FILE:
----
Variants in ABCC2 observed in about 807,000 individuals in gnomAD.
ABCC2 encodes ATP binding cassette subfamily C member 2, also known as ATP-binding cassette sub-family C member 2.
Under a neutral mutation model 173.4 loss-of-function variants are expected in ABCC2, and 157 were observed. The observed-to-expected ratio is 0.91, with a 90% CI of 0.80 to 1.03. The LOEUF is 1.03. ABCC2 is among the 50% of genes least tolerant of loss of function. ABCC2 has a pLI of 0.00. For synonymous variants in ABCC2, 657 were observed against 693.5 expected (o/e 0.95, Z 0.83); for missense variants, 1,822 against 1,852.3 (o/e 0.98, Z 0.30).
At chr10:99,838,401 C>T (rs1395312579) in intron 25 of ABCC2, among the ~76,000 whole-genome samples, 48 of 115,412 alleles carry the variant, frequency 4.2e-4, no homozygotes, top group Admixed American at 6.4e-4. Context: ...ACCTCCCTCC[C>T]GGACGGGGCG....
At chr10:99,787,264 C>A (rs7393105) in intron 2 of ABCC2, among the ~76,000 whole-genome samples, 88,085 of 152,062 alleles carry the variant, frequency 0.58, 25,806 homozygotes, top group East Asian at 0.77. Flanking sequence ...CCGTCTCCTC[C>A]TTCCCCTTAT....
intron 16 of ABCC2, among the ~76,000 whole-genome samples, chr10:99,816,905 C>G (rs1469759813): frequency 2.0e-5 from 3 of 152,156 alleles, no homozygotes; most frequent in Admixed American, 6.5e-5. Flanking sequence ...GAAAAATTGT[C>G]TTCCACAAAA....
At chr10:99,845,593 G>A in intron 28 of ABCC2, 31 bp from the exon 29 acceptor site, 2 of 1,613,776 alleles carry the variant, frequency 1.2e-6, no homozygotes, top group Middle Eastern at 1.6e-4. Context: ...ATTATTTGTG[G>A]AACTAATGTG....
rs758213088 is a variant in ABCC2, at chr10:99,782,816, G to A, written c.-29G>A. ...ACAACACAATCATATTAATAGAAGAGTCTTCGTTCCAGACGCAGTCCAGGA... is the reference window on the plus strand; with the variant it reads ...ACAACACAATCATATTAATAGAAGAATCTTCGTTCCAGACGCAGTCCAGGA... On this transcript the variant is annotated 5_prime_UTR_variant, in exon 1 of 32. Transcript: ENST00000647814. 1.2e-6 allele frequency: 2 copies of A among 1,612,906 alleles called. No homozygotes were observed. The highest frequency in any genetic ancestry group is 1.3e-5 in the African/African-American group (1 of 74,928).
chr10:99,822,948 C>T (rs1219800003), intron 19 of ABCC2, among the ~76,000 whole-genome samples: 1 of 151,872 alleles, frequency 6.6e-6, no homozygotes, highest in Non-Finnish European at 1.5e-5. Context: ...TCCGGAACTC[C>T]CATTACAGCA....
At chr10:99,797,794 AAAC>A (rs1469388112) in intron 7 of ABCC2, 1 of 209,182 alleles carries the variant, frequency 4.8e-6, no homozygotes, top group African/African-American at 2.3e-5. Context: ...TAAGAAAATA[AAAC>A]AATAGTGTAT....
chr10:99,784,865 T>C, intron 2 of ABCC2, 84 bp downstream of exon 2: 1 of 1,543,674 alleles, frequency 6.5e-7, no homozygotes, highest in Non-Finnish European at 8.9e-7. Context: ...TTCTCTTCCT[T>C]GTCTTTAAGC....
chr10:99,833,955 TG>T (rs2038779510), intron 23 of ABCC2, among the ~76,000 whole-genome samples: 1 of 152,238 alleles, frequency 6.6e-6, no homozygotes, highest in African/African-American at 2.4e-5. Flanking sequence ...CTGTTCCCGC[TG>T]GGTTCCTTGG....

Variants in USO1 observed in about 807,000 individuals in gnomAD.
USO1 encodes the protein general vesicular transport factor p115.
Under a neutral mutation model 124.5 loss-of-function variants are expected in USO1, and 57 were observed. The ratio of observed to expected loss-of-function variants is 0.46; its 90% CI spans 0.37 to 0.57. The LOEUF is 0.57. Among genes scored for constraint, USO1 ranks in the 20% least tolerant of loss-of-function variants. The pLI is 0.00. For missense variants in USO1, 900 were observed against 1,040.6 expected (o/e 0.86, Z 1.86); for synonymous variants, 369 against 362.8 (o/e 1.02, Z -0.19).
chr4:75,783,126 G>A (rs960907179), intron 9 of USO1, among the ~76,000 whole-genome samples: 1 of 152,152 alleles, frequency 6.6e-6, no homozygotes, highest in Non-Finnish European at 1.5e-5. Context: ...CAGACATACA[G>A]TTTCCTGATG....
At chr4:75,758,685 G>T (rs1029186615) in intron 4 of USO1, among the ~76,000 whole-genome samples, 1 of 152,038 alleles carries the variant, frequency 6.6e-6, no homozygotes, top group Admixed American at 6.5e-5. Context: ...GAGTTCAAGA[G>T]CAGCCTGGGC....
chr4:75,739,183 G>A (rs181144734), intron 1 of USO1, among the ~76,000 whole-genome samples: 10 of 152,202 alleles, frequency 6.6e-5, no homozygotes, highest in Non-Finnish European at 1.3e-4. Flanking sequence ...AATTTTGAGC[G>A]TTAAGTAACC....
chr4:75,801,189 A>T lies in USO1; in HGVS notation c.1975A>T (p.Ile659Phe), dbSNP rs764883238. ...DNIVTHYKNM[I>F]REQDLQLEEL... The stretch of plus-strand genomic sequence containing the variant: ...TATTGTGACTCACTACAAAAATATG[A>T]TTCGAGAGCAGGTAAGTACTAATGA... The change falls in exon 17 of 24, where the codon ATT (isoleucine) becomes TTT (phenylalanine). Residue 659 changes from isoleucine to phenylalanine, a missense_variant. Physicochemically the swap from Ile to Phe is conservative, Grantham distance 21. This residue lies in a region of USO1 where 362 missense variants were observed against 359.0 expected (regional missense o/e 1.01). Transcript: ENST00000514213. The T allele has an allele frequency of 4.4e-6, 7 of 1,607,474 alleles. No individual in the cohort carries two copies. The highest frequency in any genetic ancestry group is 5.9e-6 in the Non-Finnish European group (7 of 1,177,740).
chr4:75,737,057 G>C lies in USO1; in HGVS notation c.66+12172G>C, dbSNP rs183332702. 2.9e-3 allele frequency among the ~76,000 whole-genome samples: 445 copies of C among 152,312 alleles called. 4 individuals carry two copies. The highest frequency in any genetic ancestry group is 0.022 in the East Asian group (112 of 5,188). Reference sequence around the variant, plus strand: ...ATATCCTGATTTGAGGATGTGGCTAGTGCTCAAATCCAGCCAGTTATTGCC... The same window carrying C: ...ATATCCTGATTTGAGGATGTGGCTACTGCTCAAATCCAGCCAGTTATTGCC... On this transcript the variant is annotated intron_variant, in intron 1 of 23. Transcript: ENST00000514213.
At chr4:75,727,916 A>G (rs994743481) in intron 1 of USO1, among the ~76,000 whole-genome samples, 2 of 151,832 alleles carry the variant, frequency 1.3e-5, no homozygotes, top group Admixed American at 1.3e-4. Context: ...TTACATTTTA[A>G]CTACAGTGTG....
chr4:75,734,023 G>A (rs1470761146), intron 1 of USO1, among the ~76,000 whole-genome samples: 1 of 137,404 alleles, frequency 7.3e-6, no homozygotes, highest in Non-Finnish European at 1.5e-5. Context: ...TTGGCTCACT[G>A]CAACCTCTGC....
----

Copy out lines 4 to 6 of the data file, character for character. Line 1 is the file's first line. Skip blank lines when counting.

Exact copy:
At chr10:99,838,401 C>T (rs1395312579) in intron 25 of ABCC2, among the ~76,000 whole-genome samples, 48 of 115,412 alleles carry the variant, frequency 4.2e-4, no homozygotes, top group Admixed American at 6.4e-4. Context: ...ACCTCCCTCC[C>T]GGACGGGGCG....
At chr10:99,787,264 C>A (rs7393105) in intron 2 of ABCC2, among the ~76,000 whole-genome samples, 88,085 of 152,062 alleles carry the variant, frequency 0.58, 25,806 homozygotes, top group East Asian at 0.77. Flanking sequence ...CCGTCTCCTC[C>A]TTCCCCTTAT....
intron 16 of ABCC2, among the ~76,000 whole-genome samples, chr10:99,816,905 C>G (rs1469759813): frequency 2.0e-5 from 3 of 152,156 alleles, no homozygotes; most frequent in Admixed American, 6.5e-5. Flanking sequence ...GAAAAATTGT[C>G]TTCCACAAAA....